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What does font size actually mean?
Let's take CSS. I have font-size where I can specify a number in pixels, points etc.

So, what does 12px mean? And what does 20pt mean? Is it the maximum width of a character, is it the minimum one, is it the max height?
Will I know for sure that 5 characters of font-size: 10px will have no more than 50px, no less than that, or exactly that width?

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Most units will determine the x-height of the characters I think. – BoltClock Apr 19 '11 at 14:49
Web design is not the same as print design. There are no guarantees about font sizes beyond the truism that a larger size will be relatively larger than a smaller size. You don't get this fine-grained control that you get in print layout, and you shouldn't expect it. – Cody Gray Apr 19 '11 at 14:54
Some info here :… – Mandeep Pasbola Oct 8 '13 at 15:29
up vote 4 down vote accepted

Commonly font-size is defined in pixels = px or points = pt

Note: 72 pt equals one inch = 2,54 cm

The resolution of a screen is defined in px. Obviously, the more pixels on a monitor of equal dimensions the smaller each pixel and hence the smaller the font size if font-size is defined in px.

So, What’s the Difference?

It’s easy to understand the difference between font-size units when you see them in action. Generally, 1em = 12pt = 16px = 100%. When using these font-sizes, let’s see what happens when you increase the base font size (using the body CSS selector) from 100% to 120%.

enter image description here

As you can see, both the em and percent units get larger as the base font-size increases, but pixels and points do not. It can be easy to set an absolute size for your text, but it’s much easier on your visitors to use scalable text that can display on any device or any machine. For this reason, the em and percent units are preferred for web document text.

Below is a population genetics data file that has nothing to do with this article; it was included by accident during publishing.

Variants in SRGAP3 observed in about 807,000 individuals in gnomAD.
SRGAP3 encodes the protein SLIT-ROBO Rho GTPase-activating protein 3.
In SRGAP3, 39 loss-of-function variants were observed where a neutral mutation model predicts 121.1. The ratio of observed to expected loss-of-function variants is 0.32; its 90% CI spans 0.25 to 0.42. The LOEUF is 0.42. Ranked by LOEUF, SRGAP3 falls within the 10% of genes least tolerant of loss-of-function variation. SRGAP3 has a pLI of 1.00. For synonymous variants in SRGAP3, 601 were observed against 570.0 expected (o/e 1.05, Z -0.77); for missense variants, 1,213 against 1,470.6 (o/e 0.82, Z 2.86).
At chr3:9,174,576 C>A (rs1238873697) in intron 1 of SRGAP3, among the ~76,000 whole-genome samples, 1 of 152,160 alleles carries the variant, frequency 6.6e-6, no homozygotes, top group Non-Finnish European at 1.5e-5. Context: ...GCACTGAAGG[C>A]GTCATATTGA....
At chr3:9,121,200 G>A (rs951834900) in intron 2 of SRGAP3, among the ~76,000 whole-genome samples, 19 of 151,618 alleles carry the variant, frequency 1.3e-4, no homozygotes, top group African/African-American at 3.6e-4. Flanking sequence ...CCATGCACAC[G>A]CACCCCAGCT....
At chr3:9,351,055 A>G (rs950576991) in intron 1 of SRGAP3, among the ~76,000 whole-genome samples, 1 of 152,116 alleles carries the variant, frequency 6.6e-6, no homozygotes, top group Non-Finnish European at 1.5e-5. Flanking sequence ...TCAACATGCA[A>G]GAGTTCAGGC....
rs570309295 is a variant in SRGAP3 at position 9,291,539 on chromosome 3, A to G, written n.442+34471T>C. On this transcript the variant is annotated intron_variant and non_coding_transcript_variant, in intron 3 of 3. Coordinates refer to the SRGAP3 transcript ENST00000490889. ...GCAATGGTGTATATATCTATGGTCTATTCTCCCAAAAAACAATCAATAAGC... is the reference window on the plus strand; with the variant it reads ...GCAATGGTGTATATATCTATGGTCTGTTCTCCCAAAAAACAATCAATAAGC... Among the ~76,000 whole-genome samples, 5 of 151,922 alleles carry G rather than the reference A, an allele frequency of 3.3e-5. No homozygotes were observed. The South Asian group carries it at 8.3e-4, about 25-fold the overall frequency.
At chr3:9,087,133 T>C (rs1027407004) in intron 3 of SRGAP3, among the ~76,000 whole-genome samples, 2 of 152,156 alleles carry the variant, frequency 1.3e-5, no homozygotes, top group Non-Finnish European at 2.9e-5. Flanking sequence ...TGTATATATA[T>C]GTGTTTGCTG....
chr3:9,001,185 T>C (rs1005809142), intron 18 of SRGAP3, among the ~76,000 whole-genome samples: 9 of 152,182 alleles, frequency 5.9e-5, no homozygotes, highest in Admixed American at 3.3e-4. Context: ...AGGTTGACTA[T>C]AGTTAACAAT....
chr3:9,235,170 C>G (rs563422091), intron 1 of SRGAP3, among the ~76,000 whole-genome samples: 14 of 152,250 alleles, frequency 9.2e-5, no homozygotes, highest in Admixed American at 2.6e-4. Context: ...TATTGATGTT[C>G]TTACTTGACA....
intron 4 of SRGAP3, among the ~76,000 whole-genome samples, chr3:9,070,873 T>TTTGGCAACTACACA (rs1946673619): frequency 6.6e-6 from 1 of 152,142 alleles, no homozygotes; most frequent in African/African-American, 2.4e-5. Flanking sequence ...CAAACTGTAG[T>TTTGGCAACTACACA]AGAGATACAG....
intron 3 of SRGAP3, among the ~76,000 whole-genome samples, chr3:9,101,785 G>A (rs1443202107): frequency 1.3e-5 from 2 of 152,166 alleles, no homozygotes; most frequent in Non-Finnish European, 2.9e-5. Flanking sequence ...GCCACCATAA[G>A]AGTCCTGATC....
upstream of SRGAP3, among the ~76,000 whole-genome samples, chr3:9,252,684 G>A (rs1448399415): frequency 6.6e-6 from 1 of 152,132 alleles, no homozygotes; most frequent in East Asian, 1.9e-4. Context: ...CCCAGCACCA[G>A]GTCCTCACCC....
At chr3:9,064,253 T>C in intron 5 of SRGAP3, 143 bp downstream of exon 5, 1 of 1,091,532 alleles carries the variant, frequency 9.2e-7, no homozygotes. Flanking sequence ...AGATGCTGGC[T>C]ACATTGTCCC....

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I don't see how this answers the question nor do i see how using em and percent units make it easier for visitors to use scalable text (but as that wasn't what the question was about it probably isnt relevant :) ) – hooleyhoop Apr 19 '11 at 16:36
This is blatant copy and pasting of someone else's content without so much as a reference. Plagiarism will not be tolerated on our sites, don't do this in the future. – Nick Craver Apr 20 '11 at 11:01
@Nick Craver - Sorry for that. – Cristian Boariu Apr 20 '11 at 12:24

Each font has an internal scale that the glyphs are drawn relative to. This is arbitrary and depends on the font designer. A letter 'M' could have an internal height of 0.5, 1, or 700 internal units.

At size 10px, one internal font unit = 10px.

Depending on the design of the font, this could render glyphs of any size, without constraint.

  • Q. Is it the maximum width of a character?
  • A. No
  • Q. is it the minimum one?
  • A. No
  • Q. is it the max height?
  • A. No
  • Q. Will I know for sure that 5 characters of font-size: 10px will have no more than 50px?
  • A. No
  • Q. no less than that?
  • A. No
  • Q. exactly that width?
  • A. No
  • Q. Is it the x-height?
  • A. No